Corporal Foucault is using a desk
loaned by a patriot and Mr. Ma
gaurn would also appreciate the
courtesy. Anyone willing to make
the loan of a desk will call 'the
local recruiting office.
ANNUAL MEETING OF
I I COMMERCIAL CLUB
The annual meeting of the Com
mercial club will be held Tuesday
evening, March 12, in the club
rooms, at which time a new board
of directors will be elected and new
officers chosen, A
A list of members in good stand
ing will be mailed out to every mem
ber March 1 by the secretary, from
which list the members are. ta select
fifteen directors. These ^elections
are to be mailed or turned over to
the secretary before the meeting and
canvass of these returns will be
made, that night.
New officers will be chosen from
the newly elected board members.
Members who are not in good stand
ing, which means that dues must be
paid for February, 1918, will not
be permitted to vote, neither will
such names be considered if chosen
to the directorate.
"SILENT" LARS0N|AYg ,___
TO HIS INDIAN AGENTS
H. A. Larson, better known as
"Silent" Larson, of Denver is in Be
midji on a business visit* Mr. Lar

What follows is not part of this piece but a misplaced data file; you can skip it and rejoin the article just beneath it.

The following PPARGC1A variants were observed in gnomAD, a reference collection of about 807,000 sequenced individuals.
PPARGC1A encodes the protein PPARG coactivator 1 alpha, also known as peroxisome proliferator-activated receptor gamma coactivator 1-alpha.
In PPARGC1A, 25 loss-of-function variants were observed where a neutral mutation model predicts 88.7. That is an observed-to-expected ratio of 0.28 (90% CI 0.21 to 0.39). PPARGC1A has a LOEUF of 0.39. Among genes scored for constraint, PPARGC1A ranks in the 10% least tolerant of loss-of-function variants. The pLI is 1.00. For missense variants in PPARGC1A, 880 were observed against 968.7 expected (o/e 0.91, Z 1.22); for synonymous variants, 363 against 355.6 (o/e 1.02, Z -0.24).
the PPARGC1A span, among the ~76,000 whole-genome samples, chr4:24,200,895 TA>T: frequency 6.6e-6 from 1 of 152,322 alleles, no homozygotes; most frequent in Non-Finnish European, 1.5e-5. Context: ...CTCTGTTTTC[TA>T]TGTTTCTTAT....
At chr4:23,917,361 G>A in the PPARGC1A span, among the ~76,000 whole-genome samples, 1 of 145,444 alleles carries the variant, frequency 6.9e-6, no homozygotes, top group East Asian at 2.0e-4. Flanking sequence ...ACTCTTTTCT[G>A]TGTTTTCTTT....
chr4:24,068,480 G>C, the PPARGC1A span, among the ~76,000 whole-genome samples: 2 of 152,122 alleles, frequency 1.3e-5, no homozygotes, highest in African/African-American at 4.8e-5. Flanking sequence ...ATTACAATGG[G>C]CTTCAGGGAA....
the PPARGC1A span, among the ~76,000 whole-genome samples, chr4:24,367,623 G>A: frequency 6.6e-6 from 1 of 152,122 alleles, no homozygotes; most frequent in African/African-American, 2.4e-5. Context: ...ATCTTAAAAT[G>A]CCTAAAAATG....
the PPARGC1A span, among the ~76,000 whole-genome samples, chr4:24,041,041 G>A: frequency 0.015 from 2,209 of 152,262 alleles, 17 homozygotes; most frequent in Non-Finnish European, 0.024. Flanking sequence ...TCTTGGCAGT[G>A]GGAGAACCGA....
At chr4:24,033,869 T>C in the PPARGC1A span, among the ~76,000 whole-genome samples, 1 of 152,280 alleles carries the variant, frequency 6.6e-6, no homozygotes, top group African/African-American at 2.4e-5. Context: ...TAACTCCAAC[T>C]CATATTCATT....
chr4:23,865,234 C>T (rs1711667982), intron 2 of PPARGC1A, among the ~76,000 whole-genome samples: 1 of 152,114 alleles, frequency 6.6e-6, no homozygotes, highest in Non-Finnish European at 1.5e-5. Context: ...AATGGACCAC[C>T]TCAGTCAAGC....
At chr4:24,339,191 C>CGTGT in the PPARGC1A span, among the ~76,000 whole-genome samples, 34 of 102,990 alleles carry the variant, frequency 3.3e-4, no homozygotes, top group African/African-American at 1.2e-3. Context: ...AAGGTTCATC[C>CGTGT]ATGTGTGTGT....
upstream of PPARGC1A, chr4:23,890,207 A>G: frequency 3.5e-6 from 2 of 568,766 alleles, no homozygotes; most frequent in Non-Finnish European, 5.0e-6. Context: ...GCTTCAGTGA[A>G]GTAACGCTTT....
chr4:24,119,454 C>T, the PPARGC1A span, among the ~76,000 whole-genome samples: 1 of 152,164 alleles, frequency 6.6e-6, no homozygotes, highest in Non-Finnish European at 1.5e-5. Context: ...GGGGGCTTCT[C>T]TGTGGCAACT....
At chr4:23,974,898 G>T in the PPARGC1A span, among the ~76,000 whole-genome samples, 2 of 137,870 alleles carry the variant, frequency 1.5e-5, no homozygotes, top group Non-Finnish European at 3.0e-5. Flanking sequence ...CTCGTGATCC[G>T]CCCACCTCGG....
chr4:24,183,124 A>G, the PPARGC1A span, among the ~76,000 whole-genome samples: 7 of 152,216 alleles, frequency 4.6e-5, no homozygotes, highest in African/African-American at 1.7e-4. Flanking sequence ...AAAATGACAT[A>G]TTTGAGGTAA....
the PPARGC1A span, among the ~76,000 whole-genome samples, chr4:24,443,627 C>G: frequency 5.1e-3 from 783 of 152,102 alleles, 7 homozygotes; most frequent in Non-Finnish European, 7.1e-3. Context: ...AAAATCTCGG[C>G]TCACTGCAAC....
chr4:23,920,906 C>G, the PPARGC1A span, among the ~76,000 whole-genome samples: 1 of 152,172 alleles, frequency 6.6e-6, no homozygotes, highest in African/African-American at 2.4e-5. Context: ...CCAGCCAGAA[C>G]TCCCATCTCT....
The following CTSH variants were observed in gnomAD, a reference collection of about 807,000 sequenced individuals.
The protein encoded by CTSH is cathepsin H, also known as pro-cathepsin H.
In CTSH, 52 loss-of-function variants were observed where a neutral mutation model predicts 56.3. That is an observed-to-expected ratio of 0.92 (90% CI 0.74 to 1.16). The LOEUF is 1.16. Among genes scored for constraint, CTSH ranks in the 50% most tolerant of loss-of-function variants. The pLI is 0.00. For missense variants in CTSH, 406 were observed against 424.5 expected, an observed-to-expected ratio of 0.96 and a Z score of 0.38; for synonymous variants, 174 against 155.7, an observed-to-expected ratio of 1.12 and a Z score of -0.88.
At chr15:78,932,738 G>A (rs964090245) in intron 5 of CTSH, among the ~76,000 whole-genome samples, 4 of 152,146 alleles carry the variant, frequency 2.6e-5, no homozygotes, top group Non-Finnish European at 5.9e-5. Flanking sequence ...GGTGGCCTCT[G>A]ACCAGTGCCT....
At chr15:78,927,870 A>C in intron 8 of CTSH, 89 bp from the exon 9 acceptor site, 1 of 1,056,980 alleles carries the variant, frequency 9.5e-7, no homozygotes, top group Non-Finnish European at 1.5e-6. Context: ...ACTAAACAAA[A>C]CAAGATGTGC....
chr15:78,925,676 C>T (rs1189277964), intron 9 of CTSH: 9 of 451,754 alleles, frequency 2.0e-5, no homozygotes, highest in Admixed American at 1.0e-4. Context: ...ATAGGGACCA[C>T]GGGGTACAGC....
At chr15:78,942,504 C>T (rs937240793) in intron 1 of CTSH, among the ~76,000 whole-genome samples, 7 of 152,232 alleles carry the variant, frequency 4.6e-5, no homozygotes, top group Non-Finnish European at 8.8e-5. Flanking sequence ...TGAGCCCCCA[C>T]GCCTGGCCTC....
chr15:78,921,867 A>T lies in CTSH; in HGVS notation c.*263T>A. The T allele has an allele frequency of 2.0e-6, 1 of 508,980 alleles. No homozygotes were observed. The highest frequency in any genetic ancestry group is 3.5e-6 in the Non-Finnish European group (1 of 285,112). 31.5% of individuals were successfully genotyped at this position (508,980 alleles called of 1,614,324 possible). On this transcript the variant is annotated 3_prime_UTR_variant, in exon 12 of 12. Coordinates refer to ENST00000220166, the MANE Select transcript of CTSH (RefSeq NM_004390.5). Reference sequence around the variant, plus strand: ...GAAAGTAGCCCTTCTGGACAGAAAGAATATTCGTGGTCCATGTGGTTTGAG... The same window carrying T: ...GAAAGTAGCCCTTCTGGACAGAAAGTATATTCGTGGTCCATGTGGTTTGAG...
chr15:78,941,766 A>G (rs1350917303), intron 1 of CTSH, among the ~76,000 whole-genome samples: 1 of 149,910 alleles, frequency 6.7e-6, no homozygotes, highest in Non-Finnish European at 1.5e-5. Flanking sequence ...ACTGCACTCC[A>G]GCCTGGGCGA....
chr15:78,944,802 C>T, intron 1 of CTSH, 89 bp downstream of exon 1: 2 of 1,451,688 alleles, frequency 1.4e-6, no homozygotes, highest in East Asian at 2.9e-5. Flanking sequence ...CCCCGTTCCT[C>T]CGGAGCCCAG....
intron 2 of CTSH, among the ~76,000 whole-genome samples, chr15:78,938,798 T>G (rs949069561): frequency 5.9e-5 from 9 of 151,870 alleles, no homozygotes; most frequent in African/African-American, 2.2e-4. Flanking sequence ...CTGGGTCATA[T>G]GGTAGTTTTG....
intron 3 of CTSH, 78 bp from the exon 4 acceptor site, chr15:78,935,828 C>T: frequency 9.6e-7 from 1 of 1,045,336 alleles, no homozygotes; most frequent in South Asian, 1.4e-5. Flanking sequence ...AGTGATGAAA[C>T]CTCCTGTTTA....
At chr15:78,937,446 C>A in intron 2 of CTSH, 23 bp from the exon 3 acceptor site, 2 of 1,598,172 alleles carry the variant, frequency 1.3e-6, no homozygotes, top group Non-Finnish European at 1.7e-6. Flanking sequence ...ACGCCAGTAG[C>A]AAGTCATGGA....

son is the head of the Federal In
dian officers, of which J. P. Brandt
of Bemidji is the head of this dis
trict.
The nom de plume "Silent" was
fastened upon Mr. Larson .because
he has so much to say.
GERMAN BATTLE FLEET I
REPORTEDHEADEDNORTH
(By United Press)
Copenhagen, Feb. 28.The Ger
man fleet in the Baltic is steaming
northward, full speed, toward Fin
land, a Berlin dispatch stated today.
BEMIDJI. MINNESOTA, THTTESDly EVENING. FEBEUAET 28, 1917
Activev
Bemidji To Take
WRBM-,.,
Ten -Thousand Lakes association and
also to send two men as Sreptpenta
tlves of the community with tfie ad
vertising car, which will tour the
southern States next month, tin.' co
operation with Minnesota railroads
and hotel men.
The amoiint decided upon- was not
to exceed $800, as Bemidji's^ltfare
toward furthering .this greafc^afver
tising project. The purpose ofjfchis
organization is to advertise the sum
mer resorts in Minnesota. The par
will carry exhibits of game and' fish,
as well as a supply of fresh fish to
be served at the various stopping
places along the route.
The committee named to solicit
this fund is as follows: F., 8. Ly
can and T. J. Burke will call on the
hotels/'' wholesale houses, banks and
mills C. W. Jewett and J. P. Lahr
will canvass the garages, real estate
men and restaurants 'E. J, Wll
lits and F. J. Koors will wait on
the .business and professional men.
PSts kMn
WILL SOME ONE KINDLY
AIDRECRUITING OFFICER?
5%)
ae* .-is" again 'going^to-nsk-
li'j'
Jt-iS* (BUIXETTN)
Jj .\L' (By United Press)
-ft.'"
REP.LENR00T SHIES
GAUNTLET FOR SENAT0RSHIP
'i (By United Press)
Washington, Feb. 28.^Congress-
man Lenroot this afternoon tele
graphed an order to Wisconsin to file
his name in nomination for United
States senator, to succeed the late
Senator Husting.
Congressman Cooper of Wisconsin